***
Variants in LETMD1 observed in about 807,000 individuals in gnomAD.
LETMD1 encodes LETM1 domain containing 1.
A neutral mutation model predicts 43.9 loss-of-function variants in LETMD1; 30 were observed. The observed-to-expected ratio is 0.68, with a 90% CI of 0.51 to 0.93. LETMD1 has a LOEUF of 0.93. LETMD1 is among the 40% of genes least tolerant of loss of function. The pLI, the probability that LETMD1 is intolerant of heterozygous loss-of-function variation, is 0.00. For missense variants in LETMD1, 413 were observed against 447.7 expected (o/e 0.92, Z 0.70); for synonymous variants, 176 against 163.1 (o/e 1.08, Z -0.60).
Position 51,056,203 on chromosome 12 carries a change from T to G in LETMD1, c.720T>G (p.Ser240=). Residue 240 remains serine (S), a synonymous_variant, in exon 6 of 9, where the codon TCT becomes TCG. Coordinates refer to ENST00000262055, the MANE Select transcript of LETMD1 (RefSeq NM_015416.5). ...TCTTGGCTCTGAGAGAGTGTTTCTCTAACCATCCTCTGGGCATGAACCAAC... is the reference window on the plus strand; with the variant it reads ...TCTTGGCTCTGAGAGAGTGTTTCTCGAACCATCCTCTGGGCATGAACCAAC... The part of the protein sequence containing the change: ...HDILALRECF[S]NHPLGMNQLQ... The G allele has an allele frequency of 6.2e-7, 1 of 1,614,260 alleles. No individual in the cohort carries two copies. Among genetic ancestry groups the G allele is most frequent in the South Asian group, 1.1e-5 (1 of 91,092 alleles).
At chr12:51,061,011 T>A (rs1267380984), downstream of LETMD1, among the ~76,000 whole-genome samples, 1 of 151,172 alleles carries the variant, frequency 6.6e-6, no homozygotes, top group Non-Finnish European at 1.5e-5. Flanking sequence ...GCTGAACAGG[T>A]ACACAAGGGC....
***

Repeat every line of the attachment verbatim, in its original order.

Variants in LETMD1 observed in about 807,000 individuals in gnomAD.
LETMD1 encodes LETM1 domain containing 1.
A neutral mutation model predicts 43.9 loss-of-function variants in LETMD1; 30 were observed. The observed-to-expected ratio is 0.68, with a 90% CI of 0.51 to 0.93. LETMD1 has a LOEUF of 0.93. LETMD1 is among the 40% of genes least tolerant of loss of function. The pLI, the probability that LETMD1 is intolerant of heterozygous loss-of-function variation, is 0.00. For missense variants in LETMD1, 413 were observed against 447.7 expected (o/e 0.92, Z 0.70); for synonymous variants, 176 against 163.1 (o/e 1.08, Z -0.60).
Position 51,056,203 on chromosome 12 carries a change from T to G in LETMD1, c.720T>G (p.Ser240=). Residue 240 remains serine (S), a synonymous_variant, in exon 6 of 9, where the codon TCT becomes TCG. Coordinates refer to ENST00000262055, the MANE Select transcript of LETMD1 (RefSeq NM_015416.5). ...TCTTGGCTCTGAGAGAGTGTTTCTCTAACCATCCTCTGGGCATGAACCAAC... is the reference window on the plus strand; with the variant it reads ...TCTTGGCTCTGAGAGAGTGTTTCTCGAACCATCCTCTGGGCATGAACCAAC... The part of the protein sequence containing the change: ...HDILALRECF[S]NHPLGMNQLQ... The G allele has an allele frequency of 6.2e-7, 1 of 1,614,260 alleles. No individual in the cohort carries two copies. Among genetic ancestry groups the G allele is most frequent in the South Asian group, 1.1e-5 (1 of 91,092 alleles).
At chr12:51,061,011 T>A (rs1267380984), downstream of LETMD1, among the ~76,000 whole-genome samples, 1 of 151,172 alleles carries the variant, frequency 6.6e-6, no homozygotes, top group Non-Finnish European at 1.5e-5. Flanking sequence ...GCTGAACAGG[T>A]ACACAAGGGC....